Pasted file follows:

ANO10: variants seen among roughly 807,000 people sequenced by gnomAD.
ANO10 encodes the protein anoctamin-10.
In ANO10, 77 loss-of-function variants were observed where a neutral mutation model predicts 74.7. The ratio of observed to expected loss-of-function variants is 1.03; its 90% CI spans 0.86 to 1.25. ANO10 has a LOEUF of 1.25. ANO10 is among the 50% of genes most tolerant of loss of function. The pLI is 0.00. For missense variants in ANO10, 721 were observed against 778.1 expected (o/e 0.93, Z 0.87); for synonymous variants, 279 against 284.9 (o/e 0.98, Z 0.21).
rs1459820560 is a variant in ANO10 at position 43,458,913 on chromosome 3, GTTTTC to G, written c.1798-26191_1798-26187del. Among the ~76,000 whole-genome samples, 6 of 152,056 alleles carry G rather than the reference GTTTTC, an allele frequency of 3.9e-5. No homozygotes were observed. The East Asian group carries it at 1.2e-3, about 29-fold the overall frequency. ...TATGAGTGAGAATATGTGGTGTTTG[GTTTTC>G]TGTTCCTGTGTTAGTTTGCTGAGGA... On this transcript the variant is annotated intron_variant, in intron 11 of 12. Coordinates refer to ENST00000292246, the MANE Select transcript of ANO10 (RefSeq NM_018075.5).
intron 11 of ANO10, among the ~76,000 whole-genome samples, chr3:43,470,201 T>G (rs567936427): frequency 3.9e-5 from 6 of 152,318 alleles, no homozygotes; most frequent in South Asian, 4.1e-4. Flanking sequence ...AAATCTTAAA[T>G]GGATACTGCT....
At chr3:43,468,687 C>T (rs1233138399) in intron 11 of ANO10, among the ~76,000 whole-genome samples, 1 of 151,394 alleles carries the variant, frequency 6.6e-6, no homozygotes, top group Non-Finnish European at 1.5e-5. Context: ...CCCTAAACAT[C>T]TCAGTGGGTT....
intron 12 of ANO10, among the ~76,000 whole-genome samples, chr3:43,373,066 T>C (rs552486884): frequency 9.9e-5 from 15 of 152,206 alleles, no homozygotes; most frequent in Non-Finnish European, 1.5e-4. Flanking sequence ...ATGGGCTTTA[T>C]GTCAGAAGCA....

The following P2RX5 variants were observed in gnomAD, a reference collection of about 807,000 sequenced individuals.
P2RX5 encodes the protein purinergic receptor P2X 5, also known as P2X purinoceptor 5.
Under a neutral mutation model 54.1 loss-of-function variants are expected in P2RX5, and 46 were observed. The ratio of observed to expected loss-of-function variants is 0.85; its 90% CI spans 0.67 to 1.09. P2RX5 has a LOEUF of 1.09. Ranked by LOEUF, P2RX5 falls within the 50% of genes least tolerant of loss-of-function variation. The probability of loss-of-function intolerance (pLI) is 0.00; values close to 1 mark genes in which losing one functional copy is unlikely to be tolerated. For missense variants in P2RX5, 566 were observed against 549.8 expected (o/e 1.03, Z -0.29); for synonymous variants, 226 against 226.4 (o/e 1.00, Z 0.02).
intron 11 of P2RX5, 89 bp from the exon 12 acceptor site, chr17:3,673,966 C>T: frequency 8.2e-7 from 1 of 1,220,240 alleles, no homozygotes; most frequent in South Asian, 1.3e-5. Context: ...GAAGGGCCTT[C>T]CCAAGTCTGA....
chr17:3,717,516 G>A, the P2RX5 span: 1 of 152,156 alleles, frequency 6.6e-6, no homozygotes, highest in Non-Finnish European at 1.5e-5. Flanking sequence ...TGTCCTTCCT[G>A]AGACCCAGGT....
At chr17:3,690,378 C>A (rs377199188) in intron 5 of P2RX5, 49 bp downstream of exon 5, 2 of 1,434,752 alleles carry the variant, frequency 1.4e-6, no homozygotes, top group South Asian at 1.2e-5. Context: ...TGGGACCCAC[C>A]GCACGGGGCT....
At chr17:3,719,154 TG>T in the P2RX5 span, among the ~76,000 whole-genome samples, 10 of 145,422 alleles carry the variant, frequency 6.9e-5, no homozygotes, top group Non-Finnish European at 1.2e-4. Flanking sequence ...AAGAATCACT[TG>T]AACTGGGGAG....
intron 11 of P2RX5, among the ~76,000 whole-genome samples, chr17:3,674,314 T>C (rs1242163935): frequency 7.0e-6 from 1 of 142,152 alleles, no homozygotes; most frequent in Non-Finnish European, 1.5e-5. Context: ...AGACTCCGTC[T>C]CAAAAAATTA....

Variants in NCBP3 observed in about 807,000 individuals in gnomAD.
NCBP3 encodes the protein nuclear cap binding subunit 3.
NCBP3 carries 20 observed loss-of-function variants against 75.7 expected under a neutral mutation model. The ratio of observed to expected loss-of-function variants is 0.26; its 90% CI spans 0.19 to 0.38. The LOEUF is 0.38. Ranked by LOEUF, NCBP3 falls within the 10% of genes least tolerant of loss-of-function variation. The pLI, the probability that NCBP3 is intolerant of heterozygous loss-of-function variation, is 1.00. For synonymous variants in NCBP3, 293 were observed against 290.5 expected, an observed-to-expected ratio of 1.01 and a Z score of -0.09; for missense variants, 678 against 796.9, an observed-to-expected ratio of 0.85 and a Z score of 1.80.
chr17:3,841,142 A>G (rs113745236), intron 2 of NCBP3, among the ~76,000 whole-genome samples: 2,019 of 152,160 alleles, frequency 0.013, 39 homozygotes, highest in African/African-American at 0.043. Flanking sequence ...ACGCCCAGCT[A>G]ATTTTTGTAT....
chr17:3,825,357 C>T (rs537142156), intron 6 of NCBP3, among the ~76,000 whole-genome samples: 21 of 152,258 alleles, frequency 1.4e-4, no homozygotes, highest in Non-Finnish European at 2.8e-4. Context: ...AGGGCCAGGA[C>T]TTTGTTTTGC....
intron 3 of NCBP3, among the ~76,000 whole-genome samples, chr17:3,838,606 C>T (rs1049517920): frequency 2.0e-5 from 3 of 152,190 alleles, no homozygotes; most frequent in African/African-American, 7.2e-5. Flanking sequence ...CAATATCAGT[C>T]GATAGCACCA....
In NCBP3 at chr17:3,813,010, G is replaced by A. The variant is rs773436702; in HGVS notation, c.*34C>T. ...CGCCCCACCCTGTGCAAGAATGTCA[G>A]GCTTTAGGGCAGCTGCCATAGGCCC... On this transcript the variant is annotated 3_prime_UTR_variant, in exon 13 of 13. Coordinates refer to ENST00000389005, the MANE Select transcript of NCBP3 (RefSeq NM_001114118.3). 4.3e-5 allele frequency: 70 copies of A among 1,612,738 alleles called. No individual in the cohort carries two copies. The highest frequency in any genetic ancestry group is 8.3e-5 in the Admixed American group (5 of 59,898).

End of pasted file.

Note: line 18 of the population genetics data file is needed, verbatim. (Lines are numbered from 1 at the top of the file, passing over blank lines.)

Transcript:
NCBP3 carries 20 observed loss-of-function variants against 75.7 expected under a neutral mutation model. The ratio of observed to expected loss-of-function variants is 0.26; its 90% CI spans 0.19 to 0.38. The LOEUF is 0.38. Ranked by LOEUF, NCBP3 falls within the 10% of genes least tolerant of loss-of-function variation. The pLI, the probability that NCBP3 is intolerant of heterozygous loss-of-function variation, is 1.00. For synonymous variants in NCBP3, 293 were observed against 290.5 expected, an observed-to-expected ratio of 1.01 and a Z score of -0.09; for missense variants, 678 against 796.9, an observed-to-expected ratio of 0.85 and a Z score of 1.80.